Our review of the record leads us to conclude that the trial court could not have reasonably found that the record "contradicts" a finding that Kristin Sundberg was an employee of the family welding supply business. Although the minutes of the ZBA hearing reflect that when a ZBA member asked where Kristin was employed, she replied that "she was a stewardess, and was employed elsewhere," there was ample support in the record for the ZBA's finding that Kristin was also an employee of the family business. Specifically, there was undisputed evidence on the record that Douglas J. Sundberg, Jr. was responsible for managing the business, while Kristin had an office in the mobile home and did all the paperwork. When a board member asked how many employees were currently at the business, Douglas J. Sundberg, Jr. replied: "Kristin lived on the property, but received no salary, Mr. Sundberg was of course an employee, and there was a driver employed by the firm." Although this evidence does not conclusively support de Winter's assertion that Douglas J. Sundberg, Jr. admitted that Kristin was an "employee," the evidence before the ZBA certainly does not "contradict" the ZBA's finding.

The Sundbergs contend, inter alia, that because Kristin does not receive a salary for her services, she is not "employed" by the business. "Construction of the terms of a zoning ordinance is a question of law upon which this court is not bound by the interpretations of the zoning board." Brennan v. Winnipesaukee Flagship Corp., 122 N.H. 524, 526, 446 A.2d 1175, 1177 (1982). The ordinary rules of statutory construction govern our analysis, and thus all undefined words and phrases will be given their common meaning, and we will look to the legislative history of a regulation only if a term is ambiguous. See Healey v. Town of New Durham, 140 N.H. 232, 236, 665 A.2d 360, 365 (1995).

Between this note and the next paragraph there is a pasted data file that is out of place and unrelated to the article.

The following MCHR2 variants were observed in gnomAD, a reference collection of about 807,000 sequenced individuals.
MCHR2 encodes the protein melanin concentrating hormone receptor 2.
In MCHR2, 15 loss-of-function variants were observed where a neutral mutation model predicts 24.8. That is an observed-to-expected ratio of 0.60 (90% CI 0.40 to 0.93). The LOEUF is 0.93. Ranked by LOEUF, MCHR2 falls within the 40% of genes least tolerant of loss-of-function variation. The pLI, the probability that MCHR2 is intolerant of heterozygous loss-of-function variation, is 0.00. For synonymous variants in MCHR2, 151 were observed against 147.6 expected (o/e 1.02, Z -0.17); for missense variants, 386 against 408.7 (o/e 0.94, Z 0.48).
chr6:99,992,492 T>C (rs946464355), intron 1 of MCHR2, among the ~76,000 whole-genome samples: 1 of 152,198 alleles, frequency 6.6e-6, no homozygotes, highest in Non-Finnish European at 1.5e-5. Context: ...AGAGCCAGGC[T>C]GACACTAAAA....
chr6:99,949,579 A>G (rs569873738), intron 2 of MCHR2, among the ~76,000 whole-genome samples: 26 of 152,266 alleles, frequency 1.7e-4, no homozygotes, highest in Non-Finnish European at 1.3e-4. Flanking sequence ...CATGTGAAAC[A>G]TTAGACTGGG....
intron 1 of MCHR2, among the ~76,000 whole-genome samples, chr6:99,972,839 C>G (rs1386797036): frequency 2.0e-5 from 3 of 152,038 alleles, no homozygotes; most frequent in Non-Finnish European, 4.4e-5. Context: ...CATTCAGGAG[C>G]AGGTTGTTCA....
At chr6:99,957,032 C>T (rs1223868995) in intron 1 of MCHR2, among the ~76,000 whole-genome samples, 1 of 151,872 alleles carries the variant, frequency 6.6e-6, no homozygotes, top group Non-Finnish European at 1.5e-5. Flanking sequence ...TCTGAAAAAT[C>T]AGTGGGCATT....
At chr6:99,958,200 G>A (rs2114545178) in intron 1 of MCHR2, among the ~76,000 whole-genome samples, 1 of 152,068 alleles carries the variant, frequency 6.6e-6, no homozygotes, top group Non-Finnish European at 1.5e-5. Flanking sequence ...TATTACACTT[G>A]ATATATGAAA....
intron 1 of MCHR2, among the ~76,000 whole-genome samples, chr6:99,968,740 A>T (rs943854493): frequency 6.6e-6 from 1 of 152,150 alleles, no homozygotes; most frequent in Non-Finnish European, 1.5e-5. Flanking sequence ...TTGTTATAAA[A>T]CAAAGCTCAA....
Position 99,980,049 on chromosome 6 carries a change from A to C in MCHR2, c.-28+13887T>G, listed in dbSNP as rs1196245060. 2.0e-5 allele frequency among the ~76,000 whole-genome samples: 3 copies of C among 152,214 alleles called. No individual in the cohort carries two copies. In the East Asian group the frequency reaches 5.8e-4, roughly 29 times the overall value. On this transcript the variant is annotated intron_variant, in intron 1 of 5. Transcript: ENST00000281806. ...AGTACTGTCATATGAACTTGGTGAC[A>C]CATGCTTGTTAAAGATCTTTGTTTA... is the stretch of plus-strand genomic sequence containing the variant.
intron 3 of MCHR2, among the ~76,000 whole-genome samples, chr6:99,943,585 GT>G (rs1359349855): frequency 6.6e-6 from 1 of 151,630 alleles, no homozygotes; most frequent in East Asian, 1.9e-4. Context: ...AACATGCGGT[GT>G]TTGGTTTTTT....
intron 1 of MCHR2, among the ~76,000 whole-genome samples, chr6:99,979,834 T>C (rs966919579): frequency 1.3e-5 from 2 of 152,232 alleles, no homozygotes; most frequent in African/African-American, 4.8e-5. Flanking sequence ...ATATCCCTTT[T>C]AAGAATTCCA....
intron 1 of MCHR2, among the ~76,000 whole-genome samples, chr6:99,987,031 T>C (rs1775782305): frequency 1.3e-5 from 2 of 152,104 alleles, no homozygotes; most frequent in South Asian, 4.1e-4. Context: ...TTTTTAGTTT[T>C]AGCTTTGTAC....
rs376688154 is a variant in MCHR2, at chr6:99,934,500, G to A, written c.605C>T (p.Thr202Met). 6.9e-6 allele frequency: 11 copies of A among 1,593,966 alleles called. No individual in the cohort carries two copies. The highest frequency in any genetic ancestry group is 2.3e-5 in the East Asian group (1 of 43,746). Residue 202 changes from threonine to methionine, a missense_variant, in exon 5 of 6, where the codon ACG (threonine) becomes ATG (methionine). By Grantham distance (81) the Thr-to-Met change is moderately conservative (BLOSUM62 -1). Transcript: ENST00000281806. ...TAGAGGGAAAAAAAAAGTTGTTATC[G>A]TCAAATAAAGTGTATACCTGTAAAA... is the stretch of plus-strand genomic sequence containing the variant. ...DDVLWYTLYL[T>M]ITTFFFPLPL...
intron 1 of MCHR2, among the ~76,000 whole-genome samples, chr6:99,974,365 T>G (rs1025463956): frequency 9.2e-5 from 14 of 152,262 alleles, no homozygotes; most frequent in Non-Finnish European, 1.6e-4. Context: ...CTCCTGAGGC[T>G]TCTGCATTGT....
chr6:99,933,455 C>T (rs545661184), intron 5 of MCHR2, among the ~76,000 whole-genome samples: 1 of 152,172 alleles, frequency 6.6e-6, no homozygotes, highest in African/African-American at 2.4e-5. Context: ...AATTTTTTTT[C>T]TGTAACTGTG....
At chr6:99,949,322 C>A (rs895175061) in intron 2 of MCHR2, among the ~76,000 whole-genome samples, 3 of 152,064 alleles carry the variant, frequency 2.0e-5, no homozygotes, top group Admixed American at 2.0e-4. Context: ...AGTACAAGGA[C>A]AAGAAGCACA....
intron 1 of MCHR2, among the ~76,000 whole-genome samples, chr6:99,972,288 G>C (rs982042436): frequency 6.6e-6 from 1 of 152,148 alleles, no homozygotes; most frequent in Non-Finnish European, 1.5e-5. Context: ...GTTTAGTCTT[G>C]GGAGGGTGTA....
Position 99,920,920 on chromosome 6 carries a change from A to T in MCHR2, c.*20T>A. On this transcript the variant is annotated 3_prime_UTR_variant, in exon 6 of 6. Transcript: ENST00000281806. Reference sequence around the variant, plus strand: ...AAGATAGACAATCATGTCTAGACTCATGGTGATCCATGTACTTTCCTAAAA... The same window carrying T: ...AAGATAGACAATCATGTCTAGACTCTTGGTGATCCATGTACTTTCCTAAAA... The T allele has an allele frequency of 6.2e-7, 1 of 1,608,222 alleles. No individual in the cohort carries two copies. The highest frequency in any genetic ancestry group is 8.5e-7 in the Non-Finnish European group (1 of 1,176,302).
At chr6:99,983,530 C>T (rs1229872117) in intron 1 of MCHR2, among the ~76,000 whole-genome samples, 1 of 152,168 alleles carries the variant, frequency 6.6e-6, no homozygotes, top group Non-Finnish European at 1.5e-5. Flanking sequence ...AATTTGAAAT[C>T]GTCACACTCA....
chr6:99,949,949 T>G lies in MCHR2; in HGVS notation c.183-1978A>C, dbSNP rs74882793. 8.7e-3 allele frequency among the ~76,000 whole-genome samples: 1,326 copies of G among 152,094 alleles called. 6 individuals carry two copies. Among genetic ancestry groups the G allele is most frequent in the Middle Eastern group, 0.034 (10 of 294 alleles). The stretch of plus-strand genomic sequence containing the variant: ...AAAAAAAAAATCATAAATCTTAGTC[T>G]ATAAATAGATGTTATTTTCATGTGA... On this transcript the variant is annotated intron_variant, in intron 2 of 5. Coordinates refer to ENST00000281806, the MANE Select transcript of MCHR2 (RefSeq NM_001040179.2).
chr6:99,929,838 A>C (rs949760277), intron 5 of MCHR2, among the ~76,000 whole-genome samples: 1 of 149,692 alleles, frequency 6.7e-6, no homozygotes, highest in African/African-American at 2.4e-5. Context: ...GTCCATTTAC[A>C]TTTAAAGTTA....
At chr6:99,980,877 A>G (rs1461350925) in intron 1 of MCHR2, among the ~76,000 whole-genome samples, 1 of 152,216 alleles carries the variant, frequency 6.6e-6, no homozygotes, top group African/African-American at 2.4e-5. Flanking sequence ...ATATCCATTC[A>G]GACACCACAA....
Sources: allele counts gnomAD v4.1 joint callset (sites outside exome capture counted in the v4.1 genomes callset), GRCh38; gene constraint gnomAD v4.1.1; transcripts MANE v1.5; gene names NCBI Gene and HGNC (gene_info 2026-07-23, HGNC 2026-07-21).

The term "employ" is not defined in the town's zoning ordinance. The ordinance directs, however, that "[e]xcept where specifically defined herein, all words in this Zoning Ordinance shall carry their customary meanings." Zoning Regulations and Ordinances for Greenville, New Hampshire 1.4. The plain meaning of the word "employ" is "to use or engage services of . . . also: to provide with a job that pays wages or a salary or with a means of earning a living." Webster's Third New International Dictionary 743 (unabridged ed. 1961).

Because the term "employ," as it is used in the zoning ordinance, does not require that one receive a salary, we hold accordingly that the trial court erred in determining that the ZBA acted unreasonably in concluding that because Kristin provided services to the business, she was an employee.

Because we conclude that the trial court erred in reversing the ZBA on the basis that the record "contradicted" its finding that Kristin was an "employee," we need not address de Winter's other claims of error with respect to the court's remaining rulings in the customary home occupation appeal.

II. Variance Appeal

The trial court concluded that because the Sundbergs' business qualified as a customary home occupation, de Winter's appeal of the ZBA's grant of the variance was moot. Given our determination that the trial court erred in reversing the ZBA, we vacate the court's order with respect to the variance appeal and remand for further proceedings.

Reversed in part; vacated in part; and remanded.

All concurred.